Then there’s Karloff, (or “?” as the credits fail to announce), now the indelible vision of the monster and at once crazed and violent and sympathetically innocent. Enough of the picture has been so closely spoofed by Mel Brooks in Young Frankenstein (the abnormal brain of a typical criminal most redundantly, as it already plays like farce here) or homaged (the scene with the little girl is still kind of shocking, but gave rise to The Monster Squad’s less downbeat version) that it can be difficult to see this with unspoiled eyes, but this monster still feels entirely afflicted and tormented in a genuine way. At times very literally, courtesy of Dwight Frye’s Fritz (Frye being another fugitive from Dracula, and much more impactful there; here he’s little more than a stooge sadist).

Mae Clarke as Henry’s fiancé is less than fully engaging, however, while Frederick Kerr’s Baron Frankenstein is so bizarrely out of his element – in a bumbling duffer, Nigel Bruce sense – that he’s in danger of bringing the entire edifice down around our ears, in much the same manner as the villagers bring down the monster at the climax, setting alight a windmill (a hugely impressive sequence). The Baron ends up with the last word, and it feels rather like a sop to send viewers home without a trace of terror in their hearts.

And yet, even though the confluence of events, such that the monster’s on the loose (having killed Waldman) on the same night as Henry’s nuptials, becomes progressively more ungainly, the picture retains a sporadic power. Waldman being on the verge of dissecting the monster when it strangles him is strong stuff, as is the creature throwing the little girl into the lake, expecting her to float, and she singularly failing to do so. Whale brings a twisted, pre-Hayes Code poetry to the material that’s still potent.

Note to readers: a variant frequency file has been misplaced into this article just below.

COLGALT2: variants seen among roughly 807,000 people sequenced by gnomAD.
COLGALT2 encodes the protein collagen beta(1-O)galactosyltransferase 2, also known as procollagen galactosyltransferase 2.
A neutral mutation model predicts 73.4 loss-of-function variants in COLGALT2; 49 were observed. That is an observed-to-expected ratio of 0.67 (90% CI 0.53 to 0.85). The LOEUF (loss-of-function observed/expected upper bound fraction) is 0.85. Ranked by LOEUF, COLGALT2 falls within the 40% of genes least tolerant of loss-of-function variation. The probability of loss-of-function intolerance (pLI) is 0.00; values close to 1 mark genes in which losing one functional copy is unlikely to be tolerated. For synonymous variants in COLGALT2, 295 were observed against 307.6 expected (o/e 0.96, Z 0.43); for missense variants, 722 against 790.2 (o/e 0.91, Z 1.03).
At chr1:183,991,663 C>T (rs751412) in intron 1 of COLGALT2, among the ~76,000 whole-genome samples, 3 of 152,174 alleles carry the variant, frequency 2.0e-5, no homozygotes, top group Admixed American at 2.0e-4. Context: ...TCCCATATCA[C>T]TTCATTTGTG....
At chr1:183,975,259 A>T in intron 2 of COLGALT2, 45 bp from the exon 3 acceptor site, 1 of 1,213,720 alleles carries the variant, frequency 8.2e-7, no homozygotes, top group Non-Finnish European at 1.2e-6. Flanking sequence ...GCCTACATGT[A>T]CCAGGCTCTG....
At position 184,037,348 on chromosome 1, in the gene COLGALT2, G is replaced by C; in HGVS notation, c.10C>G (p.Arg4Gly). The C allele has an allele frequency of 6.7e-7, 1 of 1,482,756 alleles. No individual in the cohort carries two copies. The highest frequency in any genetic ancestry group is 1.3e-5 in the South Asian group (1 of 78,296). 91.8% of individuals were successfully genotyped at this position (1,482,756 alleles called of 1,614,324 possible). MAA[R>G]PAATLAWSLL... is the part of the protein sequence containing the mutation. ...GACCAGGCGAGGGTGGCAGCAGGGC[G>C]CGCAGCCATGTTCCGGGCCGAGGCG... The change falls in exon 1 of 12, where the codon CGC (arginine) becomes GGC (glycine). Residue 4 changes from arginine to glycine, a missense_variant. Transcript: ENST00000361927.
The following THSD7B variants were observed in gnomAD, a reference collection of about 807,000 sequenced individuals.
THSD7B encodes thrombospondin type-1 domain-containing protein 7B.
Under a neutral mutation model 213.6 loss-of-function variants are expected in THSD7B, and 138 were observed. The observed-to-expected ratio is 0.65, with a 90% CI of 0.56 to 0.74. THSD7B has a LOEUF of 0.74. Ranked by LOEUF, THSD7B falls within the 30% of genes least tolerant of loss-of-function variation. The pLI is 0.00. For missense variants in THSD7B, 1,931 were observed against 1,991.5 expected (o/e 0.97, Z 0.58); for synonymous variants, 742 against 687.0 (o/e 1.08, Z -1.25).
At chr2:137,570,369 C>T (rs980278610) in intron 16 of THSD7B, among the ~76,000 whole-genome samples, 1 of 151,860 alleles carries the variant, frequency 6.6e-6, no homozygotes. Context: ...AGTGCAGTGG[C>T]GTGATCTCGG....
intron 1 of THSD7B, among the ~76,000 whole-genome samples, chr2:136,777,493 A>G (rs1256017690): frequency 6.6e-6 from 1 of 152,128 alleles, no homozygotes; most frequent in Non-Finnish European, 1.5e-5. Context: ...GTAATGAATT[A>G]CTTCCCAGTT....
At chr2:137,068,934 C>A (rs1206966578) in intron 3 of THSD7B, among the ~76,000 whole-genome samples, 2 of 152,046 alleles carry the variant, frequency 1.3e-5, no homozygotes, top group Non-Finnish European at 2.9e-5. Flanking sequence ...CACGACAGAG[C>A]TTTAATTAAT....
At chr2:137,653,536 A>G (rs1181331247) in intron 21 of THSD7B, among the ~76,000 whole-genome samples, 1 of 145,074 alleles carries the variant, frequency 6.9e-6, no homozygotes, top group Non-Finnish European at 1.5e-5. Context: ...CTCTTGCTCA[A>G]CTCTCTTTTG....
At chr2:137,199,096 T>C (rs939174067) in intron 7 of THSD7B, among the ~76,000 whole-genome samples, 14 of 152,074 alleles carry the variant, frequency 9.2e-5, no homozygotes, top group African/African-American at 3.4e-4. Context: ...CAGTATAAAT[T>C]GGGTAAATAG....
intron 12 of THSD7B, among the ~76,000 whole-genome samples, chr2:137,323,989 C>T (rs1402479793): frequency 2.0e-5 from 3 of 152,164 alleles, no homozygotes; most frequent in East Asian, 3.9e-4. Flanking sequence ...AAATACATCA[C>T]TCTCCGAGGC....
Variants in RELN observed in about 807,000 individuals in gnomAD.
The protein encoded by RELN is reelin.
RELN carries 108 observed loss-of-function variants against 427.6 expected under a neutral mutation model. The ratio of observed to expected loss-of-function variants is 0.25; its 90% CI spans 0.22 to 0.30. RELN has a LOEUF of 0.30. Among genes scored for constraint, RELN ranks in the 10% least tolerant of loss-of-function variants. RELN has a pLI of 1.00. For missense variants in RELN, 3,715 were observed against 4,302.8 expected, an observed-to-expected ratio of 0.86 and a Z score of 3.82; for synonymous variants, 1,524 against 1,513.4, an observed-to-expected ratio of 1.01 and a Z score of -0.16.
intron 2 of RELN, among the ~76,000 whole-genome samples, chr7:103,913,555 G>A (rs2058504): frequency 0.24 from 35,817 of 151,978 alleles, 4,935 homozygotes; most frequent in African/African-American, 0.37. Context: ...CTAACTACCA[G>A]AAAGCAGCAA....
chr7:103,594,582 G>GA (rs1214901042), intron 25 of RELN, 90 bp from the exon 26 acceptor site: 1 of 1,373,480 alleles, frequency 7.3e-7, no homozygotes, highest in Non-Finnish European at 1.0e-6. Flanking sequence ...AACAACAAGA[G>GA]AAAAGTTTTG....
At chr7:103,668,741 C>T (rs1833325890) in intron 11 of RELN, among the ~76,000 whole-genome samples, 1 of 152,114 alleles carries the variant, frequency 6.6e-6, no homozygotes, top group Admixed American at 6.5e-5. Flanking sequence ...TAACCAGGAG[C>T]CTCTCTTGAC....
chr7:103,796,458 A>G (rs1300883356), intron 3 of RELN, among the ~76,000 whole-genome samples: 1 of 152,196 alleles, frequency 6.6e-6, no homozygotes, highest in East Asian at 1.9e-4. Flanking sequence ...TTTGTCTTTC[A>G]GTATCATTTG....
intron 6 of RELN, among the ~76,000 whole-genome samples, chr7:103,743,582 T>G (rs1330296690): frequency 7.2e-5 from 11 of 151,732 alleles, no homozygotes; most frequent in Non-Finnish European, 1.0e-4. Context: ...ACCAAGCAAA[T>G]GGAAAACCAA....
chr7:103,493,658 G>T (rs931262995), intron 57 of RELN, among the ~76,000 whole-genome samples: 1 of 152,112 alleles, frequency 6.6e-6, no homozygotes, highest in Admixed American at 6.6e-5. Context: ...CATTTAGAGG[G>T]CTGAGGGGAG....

Generally, I wonder if it’s deceptively difficult to make a good Frankenstein film. Whale managed to improved on himself with his follow up, but the likes of Hammer and Sir Ken haven’t come close. The best is probably Brooks’ spoof, and that’s so indebted to Whale that he’s still, almost ninety years on, the last word in the making of the monster.




Agree? Disagree? Mildly or vehemently? Let me know in the comments below.

Comments

Popular posts from this blog

She was addicted to Tums for a while.

Marriage Story (2019)
(SPOILERS) I don’t tend to fall heavily for Noah Baumbach fare. He’s undoubtedly a distinctive voice – even if his collaborations with Wes Anderson are the least of that director’s efforts – but his devotion to an exclusive, rarefied New York bubble becomes ever more off-putting with each new project. And ever more identifiable as being a lesser chronicler of the city’s privileged quirks than his now disinherited forbear Woody Allen, who at his peak mastered a balancing act between the insightful, hilarious and self-effacing. Marriage Story finds Baumbach going yet again where Woody went before, this time brushing up against the director’s Ingmar Bergman fixation.